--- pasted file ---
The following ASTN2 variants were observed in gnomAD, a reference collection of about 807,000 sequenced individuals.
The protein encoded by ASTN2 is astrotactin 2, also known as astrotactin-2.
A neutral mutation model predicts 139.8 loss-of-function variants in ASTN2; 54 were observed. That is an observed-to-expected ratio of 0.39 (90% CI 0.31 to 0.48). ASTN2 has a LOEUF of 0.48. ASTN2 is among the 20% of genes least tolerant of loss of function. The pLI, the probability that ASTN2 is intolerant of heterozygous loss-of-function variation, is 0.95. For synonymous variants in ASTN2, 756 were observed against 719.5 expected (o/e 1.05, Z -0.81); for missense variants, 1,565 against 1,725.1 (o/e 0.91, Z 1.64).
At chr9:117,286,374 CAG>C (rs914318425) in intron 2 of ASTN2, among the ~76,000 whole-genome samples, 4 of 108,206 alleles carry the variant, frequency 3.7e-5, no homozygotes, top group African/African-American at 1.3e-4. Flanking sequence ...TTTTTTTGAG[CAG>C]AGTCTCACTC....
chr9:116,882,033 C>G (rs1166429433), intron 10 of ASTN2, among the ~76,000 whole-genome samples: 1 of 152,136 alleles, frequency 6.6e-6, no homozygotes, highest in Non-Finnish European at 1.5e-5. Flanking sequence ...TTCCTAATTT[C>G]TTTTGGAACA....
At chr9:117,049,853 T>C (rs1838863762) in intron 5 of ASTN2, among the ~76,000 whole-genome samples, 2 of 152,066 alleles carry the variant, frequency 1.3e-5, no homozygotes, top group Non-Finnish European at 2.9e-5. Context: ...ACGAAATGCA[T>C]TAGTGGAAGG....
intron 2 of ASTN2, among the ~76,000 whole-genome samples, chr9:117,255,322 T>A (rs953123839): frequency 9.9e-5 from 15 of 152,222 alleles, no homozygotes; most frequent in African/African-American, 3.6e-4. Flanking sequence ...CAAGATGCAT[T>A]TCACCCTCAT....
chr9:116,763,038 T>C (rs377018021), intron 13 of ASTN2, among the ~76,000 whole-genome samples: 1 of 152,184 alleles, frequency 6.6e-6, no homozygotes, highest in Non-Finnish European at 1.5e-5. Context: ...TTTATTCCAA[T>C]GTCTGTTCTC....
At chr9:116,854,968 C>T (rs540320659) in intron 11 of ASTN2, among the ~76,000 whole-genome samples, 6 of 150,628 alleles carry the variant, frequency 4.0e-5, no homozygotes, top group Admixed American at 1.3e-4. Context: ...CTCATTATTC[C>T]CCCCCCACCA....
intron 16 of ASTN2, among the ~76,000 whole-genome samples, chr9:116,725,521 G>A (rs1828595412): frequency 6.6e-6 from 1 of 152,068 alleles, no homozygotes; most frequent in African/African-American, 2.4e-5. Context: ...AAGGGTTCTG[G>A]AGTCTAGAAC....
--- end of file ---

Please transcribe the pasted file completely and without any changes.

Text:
The following ASTN2 variants were observed in gnomAD, a reference collection of about 807,000 sequenced individuals.
The protein encoded by ASTN2 is astrotactin 2, also known as astrotactin-2.
A neutral mutation model predicts 139.8 loss-of-function variants in ASTN2; 54 were observed. That is an observed-to-expected ratio of 0.39 (90% CI 0.31 to 0.48). ASTN2 has a LOEUF of 0.48. ASTN2 is among the 20% of genes least tolerant of loss of function. The pLI, the probability that ASTN2 is intolerant of heterozygous loss-of-function variation, is 0.95. For synonymous variants in ASTN2, 756 were observed against 719.5 expected (o/e 1.05, Z -0.81); for missense variants, 1,565 against 1,725.1 (o/e 0.91, Z 1.64).
At chr9:117,286,374 CAG>C (rs914318425) in intron 2 of ASTN2, among the ~76,000 whole-genome samples, 4 of 108,206 alleles carry the variant, frequency 3.7e-5, no homozygotes, top group African/African-American at 1.3e-4. Flanking sequence ...TTTTTTTGAG[CAG>C]AGTCTCACTC....
chr9:116,882,033 C>G (rs1166429433), intron 10 of ASTN2, among the ~76,000 whole-genome samples: 1 of 152,136 alleles, frequency 6.6e-6, no homozygotes, highest in Non-Finnish European at 1.5e-5. Flanking sequence ...TTCCTAATTT[C>G]TTTTGGAACA....
At chr9:117,049,853 T>C (rs1838863762) in intron 5 of ASTN2, among the ~76,000 whole-genome samples, 2 of 152,066 alleles carry the variant, frequency 1.3e-5, no homozygotes, top group Non-Finnish European at 2.9e-5. Context: ...ACGAAATGCA[T>C]TAGTGGAAGG....
intron 2 of ASTN2, among the ~76,000 whole-genome samples, chr9:117,255,322 T>A (rs953123839): frequency 9.9e-5 from 15 of 152,222 alleles, no homozygotes; most frequent in African/African-American, 3.6e-4. Flanking sequence ...CAAGATGCAT[T>A]TCACCCTCAT....
chr9:116,763,038 T>C (rs377018021), intron 13 of ASTN2, among the ~76,000 whole-genome samples: 1 of 152,184 alleles, frequency 6.6e-6, no homozygotes, highest in Non-Finnish European at 1.5e-5. Context: ...TTTATTCCAA[T>C]GTCTGTTCTC....
At chr9:116,854,968 C>T (rs540320659) in intron 11 of ASTN2, among the ~76,000 whole-genome samples, 6 of 150,628 alleles carry the variant, frequency 4.0e-5, no homozygotes, top group Admixed American at 1.3e-4. Context: ...CTCATTATTC[C>T]CCCCCCACCA....
intron 16 of ASTN2, among the ~76,000 whole-genome samples, chr9:116,725,521 G>A (rs1828595412): frequency 6.6e-6 from 1 of 152,068 alleles, no homozygotes; most frequent in African/African-American, 2.4e-5. Context: ...AAGGGTTCTG[G>A]AGTCTAGAAC....